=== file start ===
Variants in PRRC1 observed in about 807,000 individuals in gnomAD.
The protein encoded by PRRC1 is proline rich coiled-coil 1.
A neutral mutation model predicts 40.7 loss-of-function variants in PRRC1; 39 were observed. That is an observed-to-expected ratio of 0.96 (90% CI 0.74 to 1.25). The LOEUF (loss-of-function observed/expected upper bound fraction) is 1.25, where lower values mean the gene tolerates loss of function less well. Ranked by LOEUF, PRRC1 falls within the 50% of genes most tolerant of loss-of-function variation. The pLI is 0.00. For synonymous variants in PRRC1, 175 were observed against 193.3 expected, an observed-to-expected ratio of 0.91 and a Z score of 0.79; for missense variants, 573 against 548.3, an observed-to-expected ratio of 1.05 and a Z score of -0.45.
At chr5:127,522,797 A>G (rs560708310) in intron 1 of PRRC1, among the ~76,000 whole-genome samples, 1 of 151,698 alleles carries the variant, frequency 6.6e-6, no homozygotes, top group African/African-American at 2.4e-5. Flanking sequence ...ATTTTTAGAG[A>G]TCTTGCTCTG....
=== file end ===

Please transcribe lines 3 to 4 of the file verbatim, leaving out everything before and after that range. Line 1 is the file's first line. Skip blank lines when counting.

A neutral mutation model predicts 40.7 loss-of-function variants in PRRC1; 39 were observed. That is an observed-to-expected ratio of 0.96 (90% CI 0.74 to 1.25). The LOEUF (loss-of-function observed/expected upper bound fraction) is 1.25, where lower values mean the gene tolerates loss of function less well. Ranked by LOEUF, PRRC1 falls within the 50% of genes most tolerant of loss-of-function variation. The pLI is 0.00. For synonymous variants in PRRC1, 175 were observed against 193.3 expected, an observed-to-expected ratio of 0.91 and a Z score of 0.79; for missense variants, 573 against 548.3, an observed-to-expected ratio of 1.05 and a Z score of -0.45.
At chr5:127,522,797 A>G (rs560708310) in intron 1 of PRRC1, among the ~76,000 whole-genome samples, 1 of 151,698 alleles carries the variant, frequency 6.6e-6, no homozygotes, top group African/African-American at 2.4e-5. Flanking sequence ...ATTTTTAGAG[A>G]TCTTGCTCTG....